Ad
Ad
Ad
Pages: « 1 [2]   Bottom of Page
Print
Author Topic: Suggestions for a database to keep track of photos printed/sold  (Read 5312 times)
markdauber
Newbie
*
Offline Offline

Posts: 3


« Reply #20 on: January 14, 2014, 07:52:58 AM »
ReplyReply

You might want to take a look at a system I am experimenting with.  www.artcld.com  So far, I'm encouraged.  They offer a free trial. I'm thinking to use it to help manage my gallery and my work.  Check it out.
Logged
bill t.
Sr. Member
****
Offline Offline

Posts: 2693


WWW
« Reply #21 on: January 14, 2014, 02:24:08 PM »
ReplyReply

You might want to take a look at a system I am experimenting with.  www.artcld.com  So far, I'm encouraged.  They offer a free trial. I'm thinking to use it to help manage my gallery and my work.  Check it out.

That's very interesting.  One of the biggest complaints I hear from gallery owners is "computer work" and how surprisingly difficult it is to find employees who are both good salespeople and have the necessary skills to handle databases and spreadsheets and websites.  For those guys, simplification and casting of tasks in familiar terms is good.  I think you will do well.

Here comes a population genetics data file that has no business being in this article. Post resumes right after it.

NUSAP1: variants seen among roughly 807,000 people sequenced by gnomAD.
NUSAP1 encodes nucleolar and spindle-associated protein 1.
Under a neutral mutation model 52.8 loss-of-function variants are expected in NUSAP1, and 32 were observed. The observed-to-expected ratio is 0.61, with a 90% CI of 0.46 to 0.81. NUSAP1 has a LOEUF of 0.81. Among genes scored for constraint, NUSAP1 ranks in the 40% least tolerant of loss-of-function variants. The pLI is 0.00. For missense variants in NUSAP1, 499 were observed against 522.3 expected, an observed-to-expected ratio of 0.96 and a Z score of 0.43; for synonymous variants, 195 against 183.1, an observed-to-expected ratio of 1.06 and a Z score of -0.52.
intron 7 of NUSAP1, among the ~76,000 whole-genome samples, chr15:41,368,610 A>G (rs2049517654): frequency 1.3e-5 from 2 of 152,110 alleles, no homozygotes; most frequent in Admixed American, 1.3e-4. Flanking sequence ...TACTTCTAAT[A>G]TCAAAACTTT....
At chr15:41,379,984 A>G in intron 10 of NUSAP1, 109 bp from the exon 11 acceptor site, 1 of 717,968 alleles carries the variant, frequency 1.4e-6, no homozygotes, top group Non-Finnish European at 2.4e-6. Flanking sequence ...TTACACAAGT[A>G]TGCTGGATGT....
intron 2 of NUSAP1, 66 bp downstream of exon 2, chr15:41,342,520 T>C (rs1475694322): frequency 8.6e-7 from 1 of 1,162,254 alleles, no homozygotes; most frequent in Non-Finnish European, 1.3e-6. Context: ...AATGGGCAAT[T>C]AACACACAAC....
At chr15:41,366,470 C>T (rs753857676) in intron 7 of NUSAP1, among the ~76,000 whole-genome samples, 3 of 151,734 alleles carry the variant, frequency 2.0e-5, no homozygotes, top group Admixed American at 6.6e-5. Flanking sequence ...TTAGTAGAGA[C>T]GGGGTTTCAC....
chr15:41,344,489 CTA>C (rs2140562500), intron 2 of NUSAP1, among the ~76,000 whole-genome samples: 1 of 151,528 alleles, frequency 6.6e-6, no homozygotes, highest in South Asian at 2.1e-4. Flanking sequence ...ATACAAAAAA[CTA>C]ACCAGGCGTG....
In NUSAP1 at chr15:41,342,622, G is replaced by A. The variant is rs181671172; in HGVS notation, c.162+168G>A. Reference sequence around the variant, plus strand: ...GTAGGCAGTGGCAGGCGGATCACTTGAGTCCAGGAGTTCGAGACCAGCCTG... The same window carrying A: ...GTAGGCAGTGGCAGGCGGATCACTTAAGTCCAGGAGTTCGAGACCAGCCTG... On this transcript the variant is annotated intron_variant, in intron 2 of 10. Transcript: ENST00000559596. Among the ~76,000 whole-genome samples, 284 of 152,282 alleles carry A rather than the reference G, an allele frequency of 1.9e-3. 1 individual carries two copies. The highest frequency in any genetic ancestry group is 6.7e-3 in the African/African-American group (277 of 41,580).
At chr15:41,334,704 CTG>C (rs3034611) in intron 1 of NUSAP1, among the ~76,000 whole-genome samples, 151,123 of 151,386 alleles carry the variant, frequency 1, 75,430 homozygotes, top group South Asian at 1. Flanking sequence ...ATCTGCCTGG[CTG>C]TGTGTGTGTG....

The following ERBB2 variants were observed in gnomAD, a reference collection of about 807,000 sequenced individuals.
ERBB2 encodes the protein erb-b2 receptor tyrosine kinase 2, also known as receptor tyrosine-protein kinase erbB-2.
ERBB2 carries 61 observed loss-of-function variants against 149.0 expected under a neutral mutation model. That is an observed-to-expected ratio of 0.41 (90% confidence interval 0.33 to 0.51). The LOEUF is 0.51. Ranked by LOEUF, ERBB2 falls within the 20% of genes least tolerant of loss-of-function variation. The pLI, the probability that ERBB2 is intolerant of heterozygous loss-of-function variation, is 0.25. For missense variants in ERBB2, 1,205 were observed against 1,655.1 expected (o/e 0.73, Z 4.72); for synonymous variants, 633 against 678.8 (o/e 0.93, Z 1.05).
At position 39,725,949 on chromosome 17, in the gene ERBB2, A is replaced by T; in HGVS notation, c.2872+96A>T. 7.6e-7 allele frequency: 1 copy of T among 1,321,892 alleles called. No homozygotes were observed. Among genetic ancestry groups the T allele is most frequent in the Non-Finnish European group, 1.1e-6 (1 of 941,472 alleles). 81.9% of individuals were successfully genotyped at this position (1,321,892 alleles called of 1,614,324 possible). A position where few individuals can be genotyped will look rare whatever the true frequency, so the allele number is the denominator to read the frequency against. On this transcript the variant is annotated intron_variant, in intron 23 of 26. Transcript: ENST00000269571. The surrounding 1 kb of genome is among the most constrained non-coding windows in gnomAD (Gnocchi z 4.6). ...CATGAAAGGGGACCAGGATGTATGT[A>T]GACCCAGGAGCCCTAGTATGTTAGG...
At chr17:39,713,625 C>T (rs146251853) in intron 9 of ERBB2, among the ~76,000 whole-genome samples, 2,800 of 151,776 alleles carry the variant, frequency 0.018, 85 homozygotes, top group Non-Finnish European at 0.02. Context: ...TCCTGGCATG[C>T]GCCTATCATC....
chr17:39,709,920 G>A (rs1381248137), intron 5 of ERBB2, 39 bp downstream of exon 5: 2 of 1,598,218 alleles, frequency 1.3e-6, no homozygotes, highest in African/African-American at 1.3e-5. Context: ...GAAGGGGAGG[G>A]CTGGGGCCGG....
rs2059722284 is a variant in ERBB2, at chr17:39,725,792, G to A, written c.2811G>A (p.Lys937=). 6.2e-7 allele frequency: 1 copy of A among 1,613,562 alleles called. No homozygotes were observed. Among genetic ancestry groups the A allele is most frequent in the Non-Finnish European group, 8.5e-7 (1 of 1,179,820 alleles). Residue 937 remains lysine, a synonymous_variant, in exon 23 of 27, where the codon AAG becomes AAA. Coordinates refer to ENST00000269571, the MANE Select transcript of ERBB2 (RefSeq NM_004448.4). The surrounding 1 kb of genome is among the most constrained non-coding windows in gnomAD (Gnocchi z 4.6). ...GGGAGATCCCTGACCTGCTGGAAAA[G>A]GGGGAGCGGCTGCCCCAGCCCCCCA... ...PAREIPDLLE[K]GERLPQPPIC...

Logged
Justan
Sr. Member
****
Offline Offline

Posts: 1878


WWW
« Reply #22 on: January 14, 2014, 03:10:17 PM »
ReplyReply

^it does look good but I suspect many will back away at $99 per month even if it includes no cost credit/debt card processing.
Logged

David Cordner
Newbie
*
Online Online

Posts: 15


« Reply #23 on: January 28, 2014, 06:27:13 AM »
ReplyReply

I have just purchased  Tapforms http://www.tapforms.com Works on Mac, iPad, iPhone and syncs between them. Look a bit like Bento with maybe a few more features. Still early day though.

David
Logged
luxborealis
Sr. Member
****
Offline Offline

Posts: 1166



WWW
« Reply #24 on: January 29, 2014, 09:02:12 AM »
ReplyReply

This is one of the options I've been considering and would be most interested to hear your views on how well it integrates a client database of names and addresses with a works database of finished prints.
-Terry
Logged

Terry McDonald
Revealing the art inherent in nature
- visit luxBorealis.com.
Have a read of my PhotoBlog and subscribe!
Deardorff
Full Member
***
Offline Offline

Posts: 110


« Reply #25 on: February 02, 2014, 09:25:09 AM »
ReplyReply

A 3x5 or larger card file. A notebook.
Give each print an ID number. (and name if you like)

Write on the card or in the notebook the number of prints made and any sales. Also any exhibits they have been in.

Simple, clean and the system does not crash.
Logged
jferrari
Full Member
***
Offline Offline

Posts: 247


« Reply #26 on: February 03, 2014, 12:41:03 AM »
ReplyReply

A 3x5 or larger card file. A notebook.
Give each print an ID number. (and name if you like)

Write on the card or in the notebook the number of prints made and any sales. Also any exhibits they have been in.

Simple, clean and the system does not crash.

Does anyone out there have an efficient electronic system that works on a laptop and iPad? I could keep a binder of pages, but it just seems more efficient to keep it digital using a database app.